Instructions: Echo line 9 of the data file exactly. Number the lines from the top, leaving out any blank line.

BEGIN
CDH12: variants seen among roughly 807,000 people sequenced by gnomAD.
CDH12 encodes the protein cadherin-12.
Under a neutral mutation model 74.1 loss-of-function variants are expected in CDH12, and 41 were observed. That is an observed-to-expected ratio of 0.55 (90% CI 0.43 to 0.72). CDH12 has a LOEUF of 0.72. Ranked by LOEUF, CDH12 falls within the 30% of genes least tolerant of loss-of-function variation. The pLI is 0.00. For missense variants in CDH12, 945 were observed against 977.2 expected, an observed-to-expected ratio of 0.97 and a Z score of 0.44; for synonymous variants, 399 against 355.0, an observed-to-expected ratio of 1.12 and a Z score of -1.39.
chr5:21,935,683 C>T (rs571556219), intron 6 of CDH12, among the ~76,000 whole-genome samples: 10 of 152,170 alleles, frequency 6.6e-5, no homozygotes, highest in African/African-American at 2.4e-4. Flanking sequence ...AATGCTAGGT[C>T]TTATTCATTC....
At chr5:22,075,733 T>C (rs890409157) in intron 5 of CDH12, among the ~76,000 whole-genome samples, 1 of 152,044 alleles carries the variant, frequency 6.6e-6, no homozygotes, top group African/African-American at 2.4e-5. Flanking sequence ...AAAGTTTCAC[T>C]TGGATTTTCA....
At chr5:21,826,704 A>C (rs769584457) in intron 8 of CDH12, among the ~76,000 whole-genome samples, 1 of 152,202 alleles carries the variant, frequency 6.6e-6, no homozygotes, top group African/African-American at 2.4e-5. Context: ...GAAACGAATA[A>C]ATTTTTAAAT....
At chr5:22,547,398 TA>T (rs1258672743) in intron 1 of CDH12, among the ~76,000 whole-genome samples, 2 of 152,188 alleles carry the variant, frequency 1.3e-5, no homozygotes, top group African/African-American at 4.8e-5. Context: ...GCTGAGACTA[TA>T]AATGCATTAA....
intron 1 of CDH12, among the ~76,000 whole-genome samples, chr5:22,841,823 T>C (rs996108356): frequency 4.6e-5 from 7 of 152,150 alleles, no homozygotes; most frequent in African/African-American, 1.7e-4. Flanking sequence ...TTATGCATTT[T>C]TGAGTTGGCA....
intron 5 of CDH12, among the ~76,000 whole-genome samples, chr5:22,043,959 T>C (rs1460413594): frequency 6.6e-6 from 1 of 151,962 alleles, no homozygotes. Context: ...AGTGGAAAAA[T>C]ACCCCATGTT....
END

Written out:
intron 5 of CDH12, among the ~76,000 whole-genome samples, chr5:22,043,959 T>C (rs1460413594): frequency 6.6e-6 from 1 of 151,962 alleles, no homozygotes. Context: ...AGTGGAAAAA[T>C]ACCCCATGTT....